Don’t feel bad, Gef. If the gardener you gave the gloves to didn’t need them, he probably found someone to trade them with. What my friend did seem to appreciate was the English Spanish dictionary/phrase book that I gave him. I had two identical books, and gave him one and kept the other. Then when he was on his breaks, we would sit down sometimes and try to learn each other’s languages. We still communicate with some kind of Spanglish (Inglispañol?), but it works.

I used to take a lot of stuff, but I didn’t hand it out to people willy nilly. I tipped and gave a little extra in gifts to those who had gone out of their way for me, particularly nautical staff, because I love to sail. Between my husband and I, we pretty much outfitted the Sol Cayo Santa Maria nautical staff with backpacks. We took them down, used them for the week, then gave them away. Years later I saw that they were still in use (therefore not gone to the black market, and definitely appreciated). The result was that for a few years (before the staff changes that came with new hotels opening) nobody in the nautical center would accept tips from us. Believe me, we tried! The response was always, “no, you are our friend”.

I still pack something with me just in case I encounter someone who goes “above and beyond”, but I have ceased bringing much more than chocolates, which I do enjoy myself and also love handing out to staff and guests as well. :slight_smile:

Great ideas Canucks and CubaJack. Actually, I always try to bring 1 or 2 Spanish/Englich dictionaries. When we were at Villas Jibacoa, I met a gentleman who was a teacher (but not working). He would walk down the beach from the campismo and I loved talking to him. I gave him my dictionary a the beginning of our stay and it was like I gave him gold. He actually had tears in his eyes. All week I would see him and he would be talking to other vacationers and always had my dictionary with him. He knew I wanted to better my spanish and invited me to come back another year and he would happily sit with me and teach me. He was a wonderful man! :sunglasses:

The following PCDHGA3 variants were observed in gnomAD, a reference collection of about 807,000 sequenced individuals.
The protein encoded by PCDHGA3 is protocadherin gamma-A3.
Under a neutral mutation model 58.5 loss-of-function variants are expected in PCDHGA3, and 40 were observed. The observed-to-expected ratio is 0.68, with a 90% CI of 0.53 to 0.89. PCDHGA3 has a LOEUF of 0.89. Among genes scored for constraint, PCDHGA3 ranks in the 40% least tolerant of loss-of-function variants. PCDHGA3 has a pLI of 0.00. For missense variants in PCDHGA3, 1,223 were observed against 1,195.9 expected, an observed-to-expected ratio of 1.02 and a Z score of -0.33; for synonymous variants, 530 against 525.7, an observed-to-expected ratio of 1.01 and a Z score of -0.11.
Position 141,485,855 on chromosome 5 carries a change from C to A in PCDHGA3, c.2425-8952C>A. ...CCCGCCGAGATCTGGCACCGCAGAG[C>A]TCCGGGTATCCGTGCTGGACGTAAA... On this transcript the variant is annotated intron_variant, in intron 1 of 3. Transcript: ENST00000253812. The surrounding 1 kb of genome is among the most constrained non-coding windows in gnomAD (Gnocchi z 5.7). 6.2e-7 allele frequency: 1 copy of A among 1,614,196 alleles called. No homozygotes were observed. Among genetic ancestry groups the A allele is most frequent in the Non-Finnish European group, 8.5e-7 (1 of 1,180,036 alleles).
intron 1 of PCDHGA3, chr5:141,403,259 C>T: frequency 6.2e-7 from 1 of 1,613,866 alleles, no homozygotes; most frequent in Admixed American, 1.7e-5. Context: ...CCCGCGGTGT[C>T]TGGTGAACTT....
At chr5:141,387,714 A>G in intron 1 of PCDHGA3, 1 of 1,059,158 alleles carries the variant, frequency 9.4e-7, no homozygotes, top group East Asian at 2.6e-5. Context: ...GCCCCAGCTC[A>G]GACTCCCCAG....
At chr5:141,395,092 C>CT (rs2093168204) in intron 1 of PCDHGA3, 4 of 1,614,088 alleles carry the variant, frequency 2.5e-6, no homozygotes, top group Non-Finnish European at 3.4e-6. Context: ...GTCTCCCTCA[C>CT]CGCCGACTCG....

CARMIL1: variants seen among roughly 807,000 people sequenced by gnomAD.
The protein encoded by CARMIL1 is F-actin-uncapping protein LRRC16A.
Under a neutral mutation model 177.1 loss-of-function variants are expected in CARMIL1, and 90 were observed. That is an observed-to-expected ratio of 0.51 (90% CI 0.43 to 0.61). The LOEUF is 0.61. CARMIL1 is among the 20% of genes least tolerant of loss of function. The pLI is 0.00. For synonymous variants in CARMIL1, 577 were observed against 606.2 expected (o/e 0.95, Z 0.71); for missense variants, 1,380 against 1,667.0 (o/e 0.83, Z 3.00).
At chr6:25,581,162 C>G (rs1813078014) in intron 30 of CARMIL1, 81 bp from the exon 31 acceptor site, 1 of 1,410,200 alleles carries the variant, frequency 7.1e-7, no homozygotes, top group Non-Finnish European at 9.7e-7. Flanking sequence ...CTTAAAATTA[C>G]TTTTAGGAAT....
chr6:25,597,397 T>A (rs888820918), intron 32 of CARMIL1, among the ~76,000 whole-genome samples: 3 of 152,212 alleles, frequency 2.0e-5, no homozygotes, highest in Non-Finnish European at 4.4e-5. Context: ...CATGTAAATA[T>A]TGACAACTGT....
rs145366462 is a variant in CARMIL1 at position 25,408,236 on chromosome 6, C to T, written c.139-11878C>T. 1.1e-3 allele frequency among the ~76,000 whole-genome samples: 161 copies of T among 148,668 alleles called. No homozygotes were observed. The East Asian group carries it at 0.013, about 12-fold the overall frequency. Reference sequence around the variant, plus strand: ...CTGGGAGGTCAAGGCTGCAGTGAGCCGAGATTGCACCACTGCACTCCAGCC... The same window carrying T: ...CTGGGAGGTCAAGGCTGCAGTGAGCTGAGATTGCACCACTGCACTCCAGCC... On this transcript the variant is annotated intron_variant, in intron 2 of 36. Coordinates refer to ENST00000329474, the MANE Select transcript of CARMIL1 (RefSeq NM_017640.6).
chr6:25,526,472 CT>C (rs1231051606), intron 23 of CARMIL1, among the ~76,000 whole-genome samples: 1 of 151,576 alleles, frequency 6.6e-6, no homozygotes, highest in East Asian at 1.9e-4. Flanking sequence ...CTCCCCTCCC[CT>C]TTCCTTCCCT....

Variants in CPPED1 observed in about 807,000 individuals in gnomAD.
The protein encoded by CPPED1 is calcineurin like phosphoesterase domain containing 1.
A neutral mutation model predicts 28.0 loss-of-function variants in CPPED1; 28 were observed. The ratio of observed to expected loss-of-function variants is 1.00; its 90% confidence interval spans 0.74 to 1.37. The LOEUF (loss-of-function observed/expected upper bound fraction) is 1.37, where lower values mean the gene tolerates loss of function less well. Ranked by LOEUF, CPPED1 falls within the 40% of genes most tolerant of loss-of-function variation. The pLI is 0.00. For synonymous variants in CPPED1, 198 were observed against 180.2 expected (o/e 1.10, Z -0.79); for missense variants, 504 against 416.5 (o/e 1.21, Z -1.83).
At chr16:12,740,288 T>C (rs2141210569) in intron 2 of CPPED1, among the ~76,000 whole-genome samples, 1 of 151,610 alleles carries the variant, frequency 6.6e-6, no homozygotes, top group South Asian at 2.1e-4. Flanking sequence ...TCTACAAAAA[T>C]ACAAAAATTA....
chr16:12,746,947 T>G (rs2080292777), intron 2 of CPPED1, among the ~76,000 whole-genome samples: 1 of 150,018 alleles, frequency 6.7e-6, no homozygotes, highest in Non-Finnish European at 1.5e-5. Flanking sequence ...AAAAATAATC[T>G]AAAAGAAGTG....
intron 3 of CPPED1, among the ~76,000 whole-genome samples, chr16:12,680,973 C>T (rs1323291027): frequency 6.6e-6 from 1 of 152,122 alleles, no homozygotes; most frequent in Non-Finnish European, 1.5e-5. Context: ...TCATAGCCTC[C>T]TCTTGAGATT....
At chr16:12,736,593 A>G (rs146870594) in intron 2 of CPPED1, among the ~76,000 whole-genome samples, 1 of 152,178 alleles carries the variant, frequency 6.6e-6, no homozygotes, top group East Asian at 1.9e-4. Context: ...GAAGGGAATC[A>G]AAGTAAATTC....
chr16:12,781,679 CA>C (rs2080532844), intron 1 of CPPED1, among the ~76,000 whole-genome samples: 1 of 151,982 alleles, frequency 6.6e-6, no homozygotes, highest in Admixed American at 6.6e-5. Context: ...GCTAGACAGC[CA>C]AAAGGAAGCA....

Took me 2 trips to figure out why the gardeners did not use the gloves I had brought them (even though they thanked me profusely), they just are not used to using gloves when working. Last year I brought two pairs of garden clippers, wow, they all but prostrated in front of me. Don’t know if the shears were “gold in them thar eyes” or if they were actually going to use them, but they seemed more elated than with the gloves.

And speaking of picture frames, I brought back a framed picture of a dear worker(friend) in which we see her sitting at her desk behind a computer, talking to clients. She was THRILLED that she was able to show her parents (who had never been to the hotel and had no idea the type of service she provided). Ya know, not all Cubans have cell phones with a gazillion apps… Just sayin’.

If you could be a fly-on-the-wall and listen to what was said behind your back after giving a resort worker a dollar store “gift” the embarrassed flush on your face would linger for weeks…

Cheers,
Terry

My best :::

  1. After shave
  2. Perfume
  3. Lipstick
  4. Key chains
  5. Canada flag decal
  6. Spices / sauces
    7., Hand mirrors
    8…Chocolates / candy
  7. White sport socks
  8. Pens